Rb inhibits cell cycle progression through its ability to repress E2F transcription factors activity, which is involved in the regulation of genes required for DNA replication and G2/M progression. Phosphorylation of RB (pRb) promotes the release of E2F and subsequently promotes cell cycle progression. Furthermore, cyclin D1 plays a role in maintaining the integrity of the G1/S checkpoint. Cyclin D1 associates with proliferating cell nuclear antigen (PCNA), a component of the DNA replication and repair machinery. During S phase, cyclin D1 down-regulation is necessary for PCNA translocation, DNA repair and initiation of DNA replication.

    Cyclin D1 has been shown to associate with a number of transcription factors in a CDK independent manner to modulate transcription and epigenetic changes. Cyclin D1 contains an LxxLL motif (251-255) that facilitates coactivator recruitment to mediate transcriptional activation. In addition, cyclin D1 contains a repressor domain (142-253) within its central region, which facilitates the interactions with co-repressors to negatively regulate transcription. The levels of cyclin D1 are determined by the rate of expression, protein stability, localization, associations and degradation.

    The diverse roles of cyclin D1 are dependent on its protein level. The various biological processes that cyclin D1 has been implicated in include cell migration, mitochondrial metabolism, cell cycle arrest and apoptosis. Given the pivotal role of cyclin D1 in promoting cell proliferation, aberrant cyclin D1 expression and activity frequently occurs in human cancers. The over-expression of cyclin D1 is predominantly associated with tumorigenesis and metastases.

    Understanding the multifaceted role of cyclin D1 and its dysregulation may provide a better understanding of its involvement in the development and progression of cancer.

    Antibodies available to purchase via DISCOVERY Antibodies

    Anti-Cyclin D1 antibody (catalogue number crb2005024)

    Cyclin D1 peptide (catalogue number crb1200305e)

  • Anti-phosphorylated CDK (pY15) Antibody

    An Introduction to Phosphorylation Site Specific Antibodies

    DISCOVERY® Antibodies is the new catalogue business from Cambridge Research Biochemicals  and within this catalogue several phosphorylation site specific antibodies are featured.

    Protein phosphorylation is a prevalent, versatile and widely studied reversible Post Translational Modification (PTM) and occurs principally on three amino acids: serine, threonine or tyrosine. It is mediated by kinases and phosphatases and plays a critical role in the regulation of many cellular processes including cell cycle, signal transduction pathways and apoptosis.

    Phosphorylation site-specific antibodies which can discriminate between the phosphorylated and non-phosphorylated forms have emerged as reliable tools to enable quantitative and qualitative detection of phosphorylated proteins and can be used for Western blotting, Immunohistochemistry and Immunoprecipitation, ELISA analysis and flow cytometry.

    Anti-phosphorylated CDK (pY15) Antibody

    Cyclin-dependent kinase-2 (CDK2) is a serine/threonine kinase that plays an essential role in coordinating cell cycle. Monomeric CDK2 is inactive, and requires interaction with cyclins for functional activation. The CDK2/Cyclin E complexes are involved in controlling the G1/S transition and initiation of DNA synthesis. Whereas, the CDK2/Cyclin A complexes are involved in the control of progression through S phase and mitosis. The CDK2 is the catalytic subunit of the heterodimeric complexes.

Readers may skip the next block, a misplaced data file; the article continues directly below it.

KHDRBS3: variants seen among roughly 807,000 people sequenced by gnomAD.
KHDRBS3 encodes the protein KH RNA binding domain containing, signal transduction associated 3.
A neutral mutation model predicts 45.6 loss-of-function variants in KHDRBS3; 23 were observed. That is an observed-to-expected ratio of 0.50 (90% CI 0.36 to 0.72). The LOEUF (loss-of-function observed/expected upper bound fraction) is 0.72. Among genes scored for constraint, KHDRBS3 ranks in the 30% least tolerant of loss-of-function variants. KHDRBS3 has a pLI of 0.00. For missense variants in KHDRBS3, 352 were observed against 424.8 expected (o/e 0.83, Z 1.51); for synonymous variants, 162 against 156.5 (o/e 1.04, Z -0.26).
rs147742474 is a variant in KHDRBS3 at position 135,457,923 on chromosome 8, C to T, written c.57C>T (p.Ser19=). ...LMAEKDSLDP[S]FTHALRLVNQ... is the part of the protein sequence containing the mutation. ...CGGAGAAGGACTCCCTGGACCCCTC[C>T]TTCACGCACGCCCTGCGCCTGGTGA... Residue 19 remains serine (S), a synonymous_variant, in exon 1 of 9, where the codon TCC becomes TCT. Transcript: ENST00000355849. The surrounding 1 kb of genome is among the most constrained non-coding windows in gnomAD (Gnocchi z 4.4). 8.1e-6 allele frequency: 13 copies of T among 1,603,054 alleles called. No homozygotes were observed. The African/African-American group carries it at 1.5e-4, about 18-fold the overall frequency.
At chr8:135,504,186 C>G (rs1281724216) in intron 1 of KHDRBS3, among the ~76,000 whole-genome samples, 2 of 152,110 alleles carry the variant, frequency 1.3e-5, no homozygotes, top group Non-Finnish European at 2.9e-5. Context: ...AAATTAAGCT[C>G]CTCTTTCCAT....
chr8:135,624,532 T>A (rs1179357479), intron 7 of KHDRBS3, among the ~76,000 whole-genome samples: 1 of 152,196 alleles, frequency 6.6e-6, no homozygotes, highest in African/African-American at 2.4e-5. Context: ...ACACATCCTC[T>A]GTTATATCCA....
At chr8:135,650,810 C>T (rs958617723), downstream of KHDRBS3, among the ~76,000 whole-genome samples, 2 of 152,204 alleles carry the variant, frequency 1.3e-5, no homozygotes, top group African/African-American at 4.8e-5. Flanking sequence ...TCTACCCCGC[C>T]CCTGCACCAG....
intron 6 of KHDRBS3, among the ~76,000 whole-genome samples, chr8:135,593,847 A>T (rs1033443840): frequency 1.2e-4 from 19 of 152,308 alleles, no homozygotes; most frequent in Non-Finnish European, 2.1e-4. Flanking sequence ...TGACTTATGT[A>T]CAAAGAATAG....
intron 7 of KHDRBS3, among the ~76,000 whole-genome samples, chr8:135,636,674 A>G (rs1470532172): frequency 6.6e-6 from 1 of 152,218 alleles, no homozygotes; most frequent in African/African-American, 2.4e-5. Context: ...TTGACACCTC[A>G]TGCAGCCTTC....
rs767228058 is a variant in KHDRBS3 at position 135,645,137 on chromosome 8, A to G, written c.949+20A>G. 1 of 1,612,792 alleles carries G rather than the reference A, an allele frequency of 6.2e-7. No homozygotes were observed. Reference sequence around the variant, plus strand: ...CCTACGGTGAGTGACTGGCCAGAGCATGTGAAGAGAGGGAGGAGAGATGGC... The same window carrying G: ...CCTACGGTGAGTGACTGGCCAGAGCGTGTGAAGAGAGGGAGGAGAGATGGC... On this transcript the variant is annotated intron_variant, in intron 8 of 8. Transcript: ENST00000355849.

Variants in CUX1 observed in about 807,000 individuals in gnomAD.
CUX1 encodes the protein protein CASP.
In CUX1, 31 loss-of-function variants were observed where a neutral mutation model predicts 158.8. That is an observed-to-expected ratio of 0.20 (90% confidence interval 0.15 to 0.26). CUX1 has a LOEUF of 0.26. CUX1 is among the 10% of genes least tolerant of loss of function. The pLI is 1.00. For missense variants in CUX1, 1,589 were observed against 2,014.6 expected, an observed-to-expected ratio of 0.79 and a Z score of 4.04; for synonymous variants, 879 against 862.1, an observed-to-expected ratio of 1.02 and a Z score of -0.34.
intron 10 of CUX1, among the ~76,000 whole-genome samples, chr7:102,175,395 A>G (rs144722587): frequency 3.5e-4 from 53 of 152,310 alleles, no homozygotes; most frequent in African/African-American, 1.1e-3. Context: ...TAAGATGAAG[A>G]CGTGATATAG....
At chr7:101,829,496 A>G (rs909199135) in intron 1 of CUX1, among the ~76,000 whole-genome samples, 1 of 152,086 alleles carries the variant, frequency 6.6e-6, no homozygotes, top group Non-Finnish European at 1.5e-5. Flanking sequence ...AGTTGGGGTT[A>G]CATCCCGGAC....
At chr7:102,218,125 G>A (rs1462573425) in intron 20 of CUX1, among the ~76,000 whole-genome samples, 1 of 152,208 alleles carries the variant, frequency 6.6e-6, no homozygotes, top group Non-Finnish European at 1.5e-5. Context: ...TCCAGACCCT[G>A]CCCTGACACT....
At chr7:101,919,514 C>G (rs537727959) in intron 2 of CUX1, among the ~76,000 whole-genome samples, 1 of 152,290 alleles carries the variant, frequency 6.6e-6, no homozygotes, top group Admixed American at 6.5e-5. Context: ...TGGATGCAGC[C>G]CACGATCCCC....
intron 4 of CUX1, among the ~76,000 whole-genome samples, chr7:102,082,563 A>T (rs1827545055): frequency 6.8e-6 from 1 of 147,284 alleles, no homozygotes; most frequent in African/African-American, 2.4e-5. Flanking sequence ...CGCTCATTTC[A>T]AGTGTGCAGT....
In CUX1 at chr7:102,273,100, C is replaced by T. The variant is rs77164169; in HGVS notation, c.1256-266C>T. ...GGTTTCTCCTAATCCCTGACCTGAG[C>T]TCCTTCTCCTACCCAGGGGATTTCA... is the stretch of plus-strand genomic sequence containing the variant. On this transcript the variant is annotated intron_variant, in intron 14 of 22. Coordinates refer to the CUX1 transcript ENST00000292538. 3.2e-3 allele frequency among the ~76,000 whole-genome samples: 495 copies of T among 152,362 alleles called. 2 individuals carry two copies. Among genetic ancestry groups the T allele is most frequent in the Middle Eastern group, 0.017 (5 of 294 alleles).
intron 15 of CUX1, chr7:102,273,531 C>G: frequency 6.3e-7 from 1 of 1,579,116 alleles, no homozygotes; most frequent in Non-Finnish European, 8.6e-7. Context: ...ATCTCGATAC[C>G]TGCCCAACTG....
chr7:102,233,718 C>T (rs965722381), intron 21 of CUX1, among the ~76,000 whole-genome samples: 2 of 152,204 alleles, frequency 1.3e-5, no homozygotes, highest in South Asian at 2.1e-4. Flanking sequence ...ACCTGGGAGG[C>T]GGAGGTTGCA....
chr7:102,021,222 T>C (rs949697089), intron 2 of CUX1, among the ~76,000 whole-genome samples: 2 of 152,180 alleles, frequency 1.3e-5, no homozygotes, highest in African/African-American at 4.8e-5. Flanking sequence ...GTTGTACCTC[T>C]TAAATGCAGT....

The CDK2 kinase activity is tightly regulated and depends on the phosphorylation state at 2 major phosphorylation sites, Thr14/Tyr15 (T14/Y15) and Thr160 (T160). CDK2 activation occurs when CDK2 is dephosphorylated at the inhibitory site T14/Y15 and phosphorylated at activating site T160.

    CDK2 contains an N-terminal lobe structure and a C-terminal lobe structure which sandwich the active site. The N-terminal lobe contains a glycine-rich inhibitory element (G-loop) and a unique major helix (C-helix). T14/Y15 residues are located in the flexible G-loop that forms the roof of the ATP-binding site and is important for ATP interaction. Structural studies of pY15/pT160 CDK2/Cyclin/ATP complex show that phosphorylation at Y15 perturbs protein substrate binding affinity due to steric hindrance. This affects correct ATP alignment and binding at the catalytic site.

    Wee1 and Myt1 kinases phosphorylate CDK2 at Y15 and inhibit its activity by preventing ATP binding. The phosphorylation at Y15 of CDK2 is independent of cyclin interaction and precedes the activating CDK2 T160 phosphorylation by CDK-activating kinase complex (CAK), as the CDK2 T160 phosphorylation is dependent on cyclin binding. Phosphorylation at CDK2 T14/Y15 has been shown to stabilize Cyclin E and prevent its degradation.

    The subsequent dephosphorylation of CDK2 at T14/Y15 by the cell division cycle 25 (CDC25) phosphatase promotes CDK2 activation and is the rate-limiting step of the CDK2/Cyclin complex activation process. The CDK2 inhibitory phosphorylation plays an important role during replication stress signaling and in maintaining genome integrity.

    Antibodies to purchase via DISCOVERY Antibodies

    anti-phosphorylated-cdk2-py15-antibody

    Anti-phosphorylated CDK2 (pY15) antibody (50ug) (catalogue number crb2005014e) 

    Anti-CDK2 antibody  (50ug) (catalogue number crb2005068f)

    Phosphorylated CDK2 (pY15) peptide (50ug) (catalogue number crb1200296e)

    CDK2 peptide (50ug) (catalogue number crb1200297e)

    Peptide and Antibody bundles to purchase via DISCOVERY Antibodies

    CDK2 bundle  Includes: Anti-CDK2 antibody and CDK2 peptide

    Phosphorylated CDK2 (pY15) bundle Includes: Anti-phosphorylated CDK2 (pY15) antibody, Phosphorylated CDK2 (pY15) peptide and CDK2 peptide

    DISCOVERY Antibodies also offer a wider selection of Post Translational Modification specific antibodies. Please visit the website for citrullinated and other phosphorylated antibodies.